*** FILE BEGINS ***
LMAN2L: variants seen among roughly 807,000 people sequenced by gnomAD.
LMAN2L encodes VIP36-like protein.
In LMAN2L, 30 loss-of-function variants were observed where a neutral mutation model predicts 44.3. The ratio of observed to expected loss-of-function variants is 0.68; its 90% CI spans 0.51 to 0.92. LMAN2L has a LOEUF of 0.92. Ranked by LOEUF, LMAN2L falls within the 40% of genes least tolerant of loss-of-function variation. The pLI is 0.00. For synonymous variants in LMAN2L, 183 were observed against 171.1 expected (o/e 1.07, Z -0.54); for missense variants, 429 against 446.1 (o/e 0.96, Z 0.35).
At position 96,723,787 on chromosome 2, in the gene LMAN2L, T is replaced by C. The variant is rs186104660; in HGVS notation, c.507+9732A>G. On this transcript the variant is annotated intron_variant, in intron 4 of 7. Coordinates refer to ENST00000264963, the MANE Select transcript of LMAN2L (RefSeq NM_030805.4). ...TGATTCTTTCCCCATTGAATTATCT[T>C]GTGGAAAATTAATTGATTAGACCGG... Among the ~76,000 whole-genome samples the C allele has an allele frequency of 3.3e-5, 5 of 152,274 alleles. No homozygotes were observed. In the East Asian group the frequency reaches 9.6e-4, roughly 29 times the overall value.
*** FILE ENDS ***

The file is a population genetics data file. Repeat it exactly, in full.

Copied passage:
LMAN2L: variants seen among roughly 807,000 people sequenced by gnomAD.
LMAN2L encodes VIP36-like protein.
In LMAN2L, 30 loss-of-function variants were observed where a neutral mutation model predicts 44.3. The ratio of observed to expected loss-of-function variants is 0.68; its 90% CI spans 0.51 to 0.92. LMAN2L has a LOEUF of 0.92. Ranked by LOEUF, LMAN2L falls within the 40% of genes least tolerant of loss-of-function variation. The pLI is 0.00. For synonymous variants in LMAN2L, 183 were observed against 171.1 expected (o/e 1.07, Z -0.54); for missense variants, 429 against 446.1 (o/e 0.96, Z 0.35).
At position 96,723,787 on chromosome 2, in the gene LMAN2L, T is replaced by C. The variant is rs186104660; in HGVS notation, c.507+9732A>G. On this transcript the variant is annotated intron_variant, in intron 4 of 7. Coordinates refer to ENST00000264963, the MANE Select transcript of LMAN2L (RefSeq NM_030805.4). ...TGATTCTTTCCCCATTGAATTATCT[T>C]GTGGAAAATTAATTGATTAGACCGG... Among the ~76,000 whole-genome samples the C allele has an allele frequency of 3.3e-5, 5 of 152,274 alleles. No homozygotes were observed. In the East Asian group the frequency reaches 9.6e-4, roughly 29 times the overall value.